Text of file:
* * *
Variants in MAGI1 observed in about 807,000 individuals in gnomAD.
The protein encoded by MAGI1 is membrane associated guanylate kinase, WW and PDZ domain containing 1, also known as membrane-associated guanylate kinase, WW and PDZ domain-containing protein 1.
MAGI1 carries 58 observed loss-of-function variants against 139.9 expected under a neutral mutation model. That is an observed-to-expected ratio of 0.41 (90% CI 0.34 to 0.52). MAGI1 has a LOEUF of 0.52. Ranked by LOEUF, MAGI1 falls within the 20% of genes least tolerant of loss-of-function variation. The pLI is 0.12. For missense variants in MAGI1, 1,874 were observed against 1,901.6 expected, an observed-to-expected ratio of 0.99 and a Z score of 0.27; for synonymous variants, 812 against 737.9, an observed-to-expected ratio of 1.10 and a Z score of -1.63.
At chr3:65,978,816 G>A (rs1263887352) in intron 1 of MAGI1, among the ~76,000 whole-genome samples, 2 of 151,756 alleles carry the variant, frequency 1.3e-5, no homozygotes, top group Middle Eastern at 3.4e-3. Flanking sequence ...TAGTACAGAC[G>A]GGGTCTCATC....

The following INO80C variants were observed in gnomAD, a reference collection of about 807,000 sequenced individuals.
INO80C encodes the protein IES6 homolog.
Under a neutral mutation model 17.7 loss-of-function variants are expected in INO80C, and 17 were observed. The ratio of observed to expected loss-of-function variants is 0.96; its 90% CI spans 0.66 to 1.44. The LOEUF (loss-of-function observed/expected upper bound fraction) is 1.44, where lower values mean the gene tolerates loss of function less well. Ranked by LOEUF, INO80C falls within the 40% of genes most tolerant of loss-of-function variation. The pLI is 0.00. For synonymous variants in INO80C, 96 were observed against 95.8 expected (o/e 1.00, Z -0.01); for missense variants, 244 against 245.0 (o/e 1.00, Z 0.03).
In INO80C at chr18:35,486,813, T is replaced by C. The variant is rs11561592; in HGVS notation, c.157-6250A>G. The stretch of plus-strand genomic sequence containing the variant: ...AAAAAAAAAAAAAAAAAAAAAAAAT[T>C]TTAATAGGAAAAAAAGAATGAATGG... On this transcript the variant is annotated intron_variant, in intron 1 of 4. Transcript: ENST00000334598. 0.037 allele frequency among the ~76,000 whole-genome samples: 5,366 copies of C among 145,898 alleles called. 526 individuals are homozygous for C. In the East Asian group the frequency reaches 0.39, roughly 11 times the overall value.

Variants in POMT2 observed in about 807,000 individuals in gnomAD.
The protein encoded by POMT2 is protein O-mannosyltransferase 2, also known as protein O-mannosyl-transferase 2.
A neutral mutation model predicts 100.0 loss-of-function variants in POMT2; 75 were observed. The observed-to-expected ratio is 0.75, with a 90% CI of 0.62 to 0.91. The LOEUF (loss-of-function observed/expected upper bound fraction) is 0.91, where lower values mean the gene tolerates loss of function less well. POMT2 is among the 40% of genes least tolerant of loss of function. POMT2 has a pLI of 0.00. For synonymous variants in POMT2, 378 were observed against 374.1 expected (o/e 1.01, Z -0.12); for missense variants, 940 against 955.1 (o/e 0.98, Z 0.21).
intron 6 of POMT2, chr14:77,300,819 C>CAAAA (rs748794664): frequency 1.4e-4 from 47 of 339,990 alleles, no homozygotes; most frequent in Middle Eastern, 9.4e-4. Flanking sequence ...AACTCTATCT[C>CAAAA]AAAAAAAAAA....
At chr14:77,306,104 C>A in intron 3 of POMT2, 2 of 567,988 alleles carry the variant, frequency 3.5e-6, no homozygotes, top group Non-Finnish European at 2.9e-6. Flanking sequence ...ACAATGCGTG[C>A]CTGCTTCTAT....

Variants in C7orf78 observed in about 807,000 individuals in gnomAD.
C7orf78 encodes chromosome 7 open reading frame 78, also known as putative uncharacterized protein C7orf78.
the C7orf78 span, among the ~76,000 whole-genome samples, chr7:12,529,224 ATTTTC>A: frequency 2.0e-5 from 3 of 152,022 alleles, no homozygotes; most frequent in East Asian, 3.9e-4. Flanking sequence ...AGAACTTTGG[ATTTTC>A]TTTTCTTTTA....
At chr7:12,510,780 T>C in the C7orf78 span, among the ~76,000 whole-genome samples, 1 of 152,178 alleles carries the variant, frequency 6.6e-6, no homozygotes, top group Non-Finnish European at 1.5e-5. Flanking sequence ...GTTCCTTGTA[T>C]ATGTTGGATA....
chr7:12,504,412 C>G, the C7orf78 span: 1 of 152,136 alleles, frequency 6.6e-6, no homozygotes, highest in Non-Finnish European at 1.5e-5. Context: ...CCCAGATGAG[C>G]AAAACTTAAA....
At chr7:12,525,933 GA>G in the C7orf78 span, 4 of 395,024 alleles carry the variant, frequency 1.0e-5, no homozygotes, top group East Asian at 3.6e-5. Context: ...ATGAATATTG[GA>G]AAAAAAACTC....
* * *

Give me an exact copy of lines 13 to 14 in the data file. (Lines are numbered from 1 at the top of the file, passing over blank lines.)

At chr14:77,306,104 C>A in intron 3 of POMT2, 2 of 567,988 alleles carry the variant, frequency 3.5e-6, no homozygotes, top group Non-Finnish European at 2.9e-6. Flanking sequence ...ACAATGCGTG[C>A]CTGCTTCTAT....

Variants in C7orf78 observed in about 807,000 individuals in gnomAD.